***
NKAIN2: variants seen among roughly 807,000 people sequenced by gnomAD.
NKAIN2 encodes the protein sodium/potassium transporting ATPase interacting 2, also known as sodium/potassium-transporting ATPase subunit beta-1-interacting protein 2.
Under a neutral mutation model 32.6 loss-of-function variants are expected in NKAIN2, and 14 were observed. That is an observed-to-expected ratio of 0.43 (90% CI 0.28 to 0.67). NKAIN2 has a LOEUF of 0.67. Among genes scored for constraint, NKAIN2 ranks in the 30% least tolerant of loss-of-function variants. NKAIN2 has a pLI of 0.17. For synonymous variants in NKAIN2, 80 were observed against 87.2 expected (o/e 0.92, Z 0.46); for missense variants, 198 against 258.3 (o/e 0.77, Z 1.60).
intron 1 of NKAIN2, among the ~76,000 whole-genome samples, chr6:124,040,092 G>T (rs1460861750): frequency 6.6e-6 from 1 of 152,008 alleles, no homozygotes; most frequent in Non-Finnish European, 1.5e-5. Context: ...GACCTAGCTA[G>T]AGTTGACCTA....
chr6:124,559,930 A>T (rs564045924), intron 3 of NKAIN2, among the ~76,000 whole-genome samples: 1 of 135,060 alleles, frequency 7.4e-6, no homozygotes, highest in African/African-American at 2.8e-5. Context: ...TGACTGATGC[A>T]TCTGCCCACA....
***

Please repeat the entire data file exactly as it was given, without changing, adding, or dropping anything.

NKAIN2: variants seen among roughly 807,000 people sequenced by gnomAD.
NKAIN2 encodes the protein sodium/potassium transporting ATPase interacting 2, also known as sodium/potassium-transporting ATPase subunit beta-1-interacting protein 2.
Under a neutral mutation model 32.6 loss-of-function variants are expected in NKAIN2, and 14 were observed. That is an observed-to-expected ratio of 0.43 (90% CI 0.28 to 0.67). NKAIN2 has a LOEUF of 0.67. Among genes scored for constraint, NKAIN2 ranks in the 30% least tolerant of loss-of-function variants. NKAIN2 has a pLI of 0.17. For synonymous variants in NKAIN2, 80 were observed against 87.2 expected (o/e 0.92, Z 0.46); for missense variants, 198 against 258.3 (o/e 0.77, Z 1.60).
intron 1 of NKAIN2, among the ~76,000 whole-genome samples, chr6:124,040,092 G>T (rs1460861750): frequency 6.6e-6 from 1 of 152,008 alleles, no homozygotes; most frequent in Non-Finnish European, 1.5e-5. Context: ...GACCTAGCTA[G>T]AGTTGACCTA....
chr6:124,559,930 A>T (rs564045924), intron 3 of NKAIN2, among the ~76,000 whole-genome samples: 1 of 135,060 alleles, frequency 7.4e-6, no homozygotes, highest in African/African-American at 2.8e-5. Context: ...TGACTGATGC[A>T]TCTGCCCACA....